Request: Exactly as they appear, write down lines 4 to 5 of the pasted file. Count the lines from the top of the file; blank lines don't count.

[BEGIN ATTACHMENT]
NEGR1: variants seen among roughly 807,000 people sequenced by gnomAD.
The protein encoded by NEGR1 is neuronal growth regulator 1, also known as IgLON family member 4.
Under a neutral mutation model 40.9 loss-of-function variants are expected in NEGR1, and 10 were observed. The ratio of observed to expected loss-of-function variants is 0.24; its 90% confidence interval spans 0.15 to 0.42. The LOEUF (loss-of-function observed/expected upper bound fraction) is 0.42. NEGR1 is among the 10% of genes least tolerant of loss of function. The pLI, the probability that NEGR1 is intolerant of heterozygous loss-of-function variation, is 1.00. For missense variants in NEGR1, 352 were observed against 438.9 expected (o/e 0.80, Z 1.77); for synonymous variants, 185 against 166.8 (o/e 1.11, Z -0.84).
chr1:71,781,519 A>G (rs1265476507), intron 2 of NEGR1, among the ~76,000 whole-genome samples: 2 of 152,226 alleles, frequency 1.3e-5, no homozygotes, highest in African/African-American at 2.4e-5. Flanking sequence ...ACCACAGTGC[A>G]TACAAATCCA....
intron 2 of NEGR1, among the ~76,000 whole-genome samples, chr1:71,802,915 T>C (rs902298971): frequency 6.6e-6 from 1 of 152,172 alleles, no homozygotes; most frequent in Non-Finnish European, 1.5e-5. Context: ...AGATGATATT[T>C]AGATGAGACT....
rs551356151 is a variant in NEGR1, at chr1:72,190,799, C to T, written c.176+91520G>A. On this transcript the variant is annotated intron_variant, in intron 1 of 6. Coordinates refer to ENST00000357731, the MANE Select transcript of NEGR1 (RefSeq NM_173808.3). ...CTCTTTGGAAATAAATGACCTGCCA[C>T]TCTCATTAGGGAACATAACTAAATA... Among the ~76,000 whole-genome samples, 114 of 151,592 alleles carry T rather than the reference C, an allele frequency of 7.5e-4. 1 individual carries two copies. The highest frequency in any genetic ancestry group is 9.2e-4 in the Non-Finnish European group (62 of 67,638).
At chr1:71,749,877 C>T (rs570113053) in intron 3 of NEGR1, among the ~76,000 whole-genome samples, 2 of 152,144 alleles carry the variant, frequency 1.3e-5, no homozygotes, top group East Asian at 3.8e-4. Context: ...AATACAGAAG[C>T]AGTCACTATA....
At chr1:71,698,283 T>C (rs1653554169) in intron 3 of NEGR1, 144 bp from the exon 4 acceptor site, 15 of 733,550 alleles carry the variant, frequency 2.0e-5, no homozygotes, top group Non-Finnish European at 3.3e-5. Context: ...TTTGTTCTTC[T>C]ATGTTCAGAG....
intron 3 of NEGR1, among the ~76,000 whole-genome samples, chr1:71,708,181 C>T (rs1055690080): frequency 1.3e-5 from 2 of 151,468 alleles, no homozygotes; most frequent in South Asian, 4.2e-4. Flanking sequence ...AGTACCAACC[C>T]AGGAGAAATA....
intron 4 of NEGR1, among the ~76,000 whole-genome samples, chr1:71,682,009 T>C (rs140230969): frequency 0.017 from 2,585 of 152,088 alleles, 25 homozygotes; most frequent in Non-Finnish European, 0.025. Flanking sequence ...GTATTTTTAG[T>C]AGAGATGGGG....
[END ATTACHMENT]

chr1:71,781,519 A>G (rs1265476507), intron 2 of NEGR1, among the ~76,000 whole-genome samples: 2 of 152,226 alleles, frequency 1.3e-5, no homozygotes, highest in African/African-American at 2.4e-5. Flanking sequence ...ACCACAGTGC[A>G]TACAAATCCA....
intron 2 of NEGR1, among the ~76,000 whole-genome samples, chr1:71,802,915 T>C (rs902298971): frequency 6.6e-6 from 1 of 152,172 alleles, no homozygotes; most frequent in Non-Finnish European, 1.5e-5. Context: ...AGATGATATT[T>C]AGATGAGACT....